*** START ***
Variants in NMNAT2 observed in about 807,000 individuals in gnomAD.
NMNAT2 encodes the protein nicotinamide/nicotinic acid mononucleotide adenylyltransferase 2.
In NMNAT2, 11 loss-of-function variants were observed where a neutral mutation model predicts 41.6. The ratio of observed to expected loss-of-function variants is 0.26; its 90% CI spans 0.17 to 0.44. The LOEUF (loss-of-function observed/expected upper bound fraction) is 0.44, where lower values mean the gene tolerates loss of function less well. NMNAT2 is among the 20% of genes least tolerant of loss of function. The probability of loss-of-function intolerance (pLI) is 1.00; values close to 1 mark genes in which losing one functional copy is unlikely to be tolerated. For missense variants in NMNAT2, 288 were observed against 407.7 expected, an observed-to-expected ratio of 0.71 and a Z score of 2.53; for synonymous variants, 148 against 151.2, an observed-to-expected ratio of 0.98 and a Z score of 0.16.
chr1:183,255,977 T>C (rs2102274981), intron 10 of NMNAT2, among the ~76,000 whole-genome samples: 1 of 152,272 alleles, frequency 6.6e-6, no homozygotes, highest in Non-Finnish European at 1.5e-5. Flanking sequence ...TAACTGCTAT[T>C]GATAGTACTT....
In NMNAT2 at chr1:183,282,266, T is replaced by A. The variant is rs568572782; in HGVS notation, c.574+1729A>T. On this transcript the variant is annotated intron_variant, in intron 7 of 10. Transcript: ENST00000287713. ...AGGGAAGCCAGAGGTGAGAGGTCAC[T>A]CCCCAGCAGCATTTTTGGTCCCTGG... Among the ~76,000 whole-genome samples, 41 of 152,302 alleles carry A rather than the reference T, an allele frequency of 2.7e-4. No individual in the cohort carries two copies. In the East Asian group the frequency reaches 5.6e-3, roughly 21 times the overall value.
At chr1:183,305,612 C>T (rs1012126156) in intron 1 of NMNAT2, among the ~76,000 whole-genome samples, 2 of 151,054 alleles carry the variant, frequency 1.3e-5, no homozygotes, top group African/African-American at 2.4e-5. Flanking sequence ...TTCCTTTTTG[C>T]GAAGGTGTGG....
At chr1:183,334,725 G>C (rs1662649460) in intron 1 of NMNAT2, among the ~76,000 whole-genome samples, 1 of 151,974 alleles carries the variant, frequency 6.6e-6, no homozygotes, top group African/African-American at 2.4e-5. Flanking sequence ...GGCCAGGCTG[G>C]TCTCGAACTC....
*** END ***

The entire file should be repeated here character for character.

Variants in NMNAT2 observed in about 807,000 individuals in gnomAD.
NMNAT2 encodes the protein nicotinamide/nicotinic acid mononucleotide adenylyltransferase 2.
In NMNAT2, 11 loss-of-function variants were observed where a neutral mutation model predicts 41.6. The ratio of observed to expected loss-of-function variants is 0.26; its 90% CI spans 0.17 to 0.44. The LOEUF (loss-of-function observed/expected upper bound fraction) is 0.44, where lower values mean the gene tolerates loss of function less well. NMNAT2 is among the 20% of genes least tolerant of loss of function. The probability of loss-of-function intolerance (pLI) is 1.00; values close to 1 mark genes in which losing one functional copy is unlikely to be tolerated. For missense variants in NMNAT2, 288 were observed against 407.7 expected, an observed-to-expected ratio of 0.71 and a Z score of 2.53; for synonymous variants, 148 against 151.2, an observed-to-expected ratio of 0.98 and a Z score of 0.16.
chr1:183,255,977 T>C (rs2102274981), intron 10 of NMNAT2, among the ~76,000 whole-genome samples: 1 of 152,272 alleles, frequency 6.6e-6, no homozygotes, highest in Non-Finnish European at 1.5e-5. Flanking sequence ...TAACTGCTAT[T>C]GATAGTACTT....
In NMNAT2 at chr1:183,282,266, T is replaced by A. The variant is rs568572782; in HGVS notation, c.574+1729A>T. On this transcript the variant is annotated intron_variant, in intron 7 of 10. Transcript: ENST00000287713. ...AGGGAAGCCAGAGGTGAGAGGTCAC[T>A]CCCCAGCAGCATTTTTGGTCCCTGG... Among the ~76,000 whole-genome samples, 41 of 152,302 alleles carry A rather than the reference T, an allele frequency of 2.7e-4. No individual in the cohort carries two copies. In the East Asian group the frequency reaches 5.6e-3, roughly 21 times the overall value.
At chr1:183,305,612 C>T (rs1012126156) in intron 1 of NMNAT2, among the ~76,000 whole-genome samples, 2 of 151,054 alleles carry the variant, frequency 1.3e-5, no homozygotes, top group African/African-American at 2.4e-5. Flanking sequence ...TTCCTTTTTG[C>T]GAAGGTGTGG....
At chr1:183,334,725 G>C (rs1662649460) in intron 1 of NMNAT2, among the ~76,000 whole-genome samples, 1 of 151,974 alleles carries the variant, frequency 6.6e-6, no homozygotes, top group African/African-American at 2.4e-5. Flanking sequence ...GGCCAGGCTG[G>C]TCTCGAACTC....